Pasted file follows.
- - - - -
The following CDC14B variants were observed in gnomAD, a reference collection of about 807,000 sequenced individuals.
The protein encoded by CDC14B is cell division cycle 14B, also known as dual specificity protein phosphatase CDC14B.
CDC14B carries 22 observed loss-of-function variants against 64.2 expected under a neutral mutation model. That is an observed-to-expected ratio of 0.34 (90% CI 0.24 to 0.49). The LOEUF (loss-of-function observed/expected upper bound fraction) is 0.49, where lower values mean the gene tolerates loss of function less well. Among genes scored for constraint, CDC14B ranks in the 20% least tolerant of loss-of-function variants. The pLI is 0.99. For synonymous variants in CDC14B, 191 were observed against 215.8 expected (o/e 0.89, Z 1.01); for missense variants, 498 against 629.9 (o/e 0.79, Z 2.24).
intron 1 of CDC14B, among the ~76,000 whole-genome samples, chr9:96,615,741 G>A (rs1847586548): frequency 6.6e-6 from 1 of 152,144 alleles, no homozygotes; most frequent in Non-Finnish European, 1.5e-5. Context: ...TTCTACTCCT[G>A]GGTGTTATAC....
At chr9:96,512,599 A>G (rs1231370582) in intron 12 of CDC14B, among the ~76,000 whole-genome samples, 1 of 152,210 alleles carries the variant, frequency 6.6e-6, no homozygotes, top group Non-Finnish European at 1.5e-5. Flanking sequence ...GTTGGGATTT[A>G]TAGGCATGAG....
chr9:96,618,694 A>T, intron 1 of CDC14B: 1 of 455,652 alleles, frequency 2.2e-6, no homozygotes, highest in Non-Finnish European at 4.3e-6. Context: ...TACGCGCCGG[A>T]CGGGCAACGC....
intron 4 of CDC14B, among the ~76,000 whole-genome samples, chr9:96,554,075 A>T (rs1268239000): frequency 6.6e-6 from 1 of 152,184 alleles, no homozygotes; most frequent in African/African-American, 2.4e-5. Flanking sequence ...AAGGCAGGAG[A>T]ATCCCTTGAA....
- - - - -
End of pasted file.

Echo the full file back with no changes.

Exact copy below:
The following CDC14B variants were observed in gnomAD, a reference collection of about 807,000 sequenced individuals.
The protein encoded by CDC14B is cell division cycle 14B, also known as dual specificity protein phosphatase CDC14B.
CDC14B carries 22 observed loss-of-function variants against 64.2 expected under a neutral mutation model. That is an observed-to-expected ratio of 0.34 (90% CI 0.24 to 0.49). The LOEUF (loss-of-function observed/expected upper bound fraction) is 0.49, where lower values mean the gene tolerates loss of function less well. Among genes scored for constraint, CDC14B ranks in the 20% least tolerant of loss-of-function variants. The pLI is 0.99. For synonymous variants in CDC14B, 191 were observed against 215.8 expected (o/e 0.89, Z 1.01); for missense variants, 498 against 629.9 (o/e 0.79, Z 2.24).
intron 1 of CDC14B, among the ~76,000 whole-genome samples, chr9:96,615,741 G>A (rs1847586548): frequency 6.6e-6 from 1 of 152,144 alleles, no homozygotes; most frequent in Non-Finnish European, 1.5e-5. Context: ...TTCTACTCCT[G>A]GGTGTTATAC....
At chr9:96,512,599 A>G (rs1231370582) in intron 12 of CDC14B, among the ~76,000 whole-genome samples, 1 of 152,210 alleles carries the variant, frequency 6.6e-6, no homozygotes, top group Non-Finnish European at 1.5e-5. Flanking sequence ...GTTGGGATTT[A>G]TAGGCATGAG....
chr9:96,618,694 A>T, intron 1 of CDC14B: 1 of 455,652 alleles, frequency 2.2e-6, no homozygotes, highest in Non-Finnish European at 4.3e-6. Context: ...TACGCGCCGG[A>T]CGGGCAACGC....
intron 4 of CDC14B, among the ~76,000 whole-genome samples, chr9:96,554,075 A>T (rs1268239000): frequency 6.6e-6 from 1 of 152,184 alleles, no homozygotes; most frequent in African/African-American, 2.4e-5. Flanking sequence ...AAGGCAGGAG[A>T]ATCCCTTGAA....